o will blink first in Armenia? An opposition that shut down the capital Yerevan on Wednesday to try to prise the elite's grip from power, or the Russian-backed ruling party, which this week refused to appoint opposition leader Nikol Pashinyan as prime minister even though he was the only candidate.
In response, Pashinyan warned of a civil tsunami. Reuter's Marguerita Antidze is there.>> Streets are closed. Avenues are blocked by protesters. Protesters are blocking not only roads, but marching in the streets, waiving national flags, blowing vuvuzelas, and shouting recall Prime Minister and victory. There are reports that the same protests are on the way in other cities and towns of Armenia.
>> The protestors are angry about official cronyism. An ex-Soviet Armenia the same Russian backed elite has held the levers of power since the late 90s. Days of protest forced Serzh Sargsyan to resign as prime minister just a week into the job. He'd already served two terms as president, and since he wasn't allowed to stand again, he switched over to the premiership.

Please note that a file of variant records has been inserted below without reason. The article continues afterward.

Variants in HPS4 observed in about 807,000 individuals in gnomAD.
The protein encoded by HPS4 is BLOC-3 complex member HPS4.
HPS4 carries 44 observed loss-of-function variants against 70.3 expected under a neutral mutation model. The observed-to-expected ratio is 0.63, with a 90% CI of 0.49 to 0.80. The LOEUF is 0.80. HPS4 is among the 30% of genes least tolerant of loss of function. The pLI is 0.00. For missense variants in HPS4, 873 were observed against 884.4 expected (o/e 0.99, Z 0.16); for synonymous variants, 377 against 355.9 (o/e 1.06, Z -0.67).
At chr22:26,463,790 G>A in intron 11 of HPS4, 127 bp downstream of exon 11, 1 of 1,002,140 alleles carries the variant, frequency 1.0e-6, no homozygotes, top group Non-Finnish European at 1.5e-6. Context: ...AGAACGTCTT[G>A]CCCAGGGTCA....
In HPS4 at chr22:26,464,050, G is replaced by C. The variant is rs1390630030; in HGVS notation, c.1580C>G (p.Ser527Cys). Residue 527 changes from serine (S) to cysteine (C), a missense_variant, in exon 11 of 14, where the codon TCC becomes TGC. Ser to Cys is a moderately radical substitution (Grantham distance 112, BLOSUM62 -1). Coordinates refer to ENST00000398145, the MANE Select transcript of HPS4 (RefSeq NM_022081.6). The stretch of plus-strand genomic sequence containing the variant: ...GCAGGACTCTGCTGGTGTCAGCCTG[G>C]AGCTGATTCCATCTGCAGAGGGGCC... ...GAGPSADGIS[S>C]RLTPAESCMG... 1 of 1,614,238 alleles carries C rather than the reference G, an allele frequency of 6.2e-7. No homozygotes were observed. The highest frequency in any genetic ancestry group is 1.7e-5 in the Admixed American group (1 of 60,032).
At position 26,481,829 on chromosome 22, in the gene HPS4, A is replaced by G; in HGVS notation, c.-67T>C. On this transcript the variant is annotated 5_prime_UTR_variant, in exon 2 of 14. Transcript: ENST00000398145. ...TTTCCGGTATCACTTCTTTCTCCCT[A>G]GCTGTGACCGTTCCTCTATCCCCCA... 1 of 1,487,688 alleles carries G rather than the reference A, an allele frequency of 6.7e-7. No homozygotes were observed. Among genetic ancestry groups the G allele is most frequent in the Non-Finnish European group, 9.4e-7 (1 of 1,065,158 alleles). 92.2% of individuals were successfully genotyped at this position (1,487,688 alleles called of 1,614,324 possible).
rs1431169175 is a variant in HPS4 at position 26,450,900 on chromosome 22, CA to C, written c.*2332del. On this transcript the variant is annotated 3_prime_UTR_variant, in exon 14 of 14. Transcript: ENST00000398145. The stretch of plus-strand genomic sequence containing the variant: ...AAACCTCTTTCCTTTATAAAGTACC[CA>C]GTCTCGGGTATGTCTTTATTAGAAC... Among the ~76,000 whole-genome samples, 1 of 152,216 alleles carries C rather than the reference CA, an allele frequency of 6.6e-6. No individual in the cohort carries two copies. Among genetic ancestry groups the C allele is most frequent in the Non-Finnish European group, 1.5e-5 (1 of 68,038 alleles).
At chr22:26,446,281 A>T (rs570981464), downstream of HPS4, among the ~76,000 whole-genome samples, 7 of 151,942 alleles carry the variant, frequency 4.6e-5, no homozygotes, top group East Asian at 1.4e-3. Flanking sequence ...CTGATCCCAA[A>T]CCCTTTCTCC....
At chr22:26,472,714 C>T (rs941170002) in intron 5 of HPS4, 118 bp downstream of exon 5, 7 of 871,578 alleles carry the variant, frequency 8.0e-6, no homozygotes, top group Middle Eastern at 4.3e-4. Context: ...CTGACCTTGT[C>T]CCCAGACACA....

His capitulation last week seemed to signal a shift, but now the ruling party is digging in its heels. Moscow's wary of letting Armenia go the way of another former ally, Ukraine. An uprising there swept New leaders to power and they promptly pulled the country out of Russia's orbit.
Parliament will have another chance to elect a Prime Minister next week. Failure would lead to new parliamentary elections.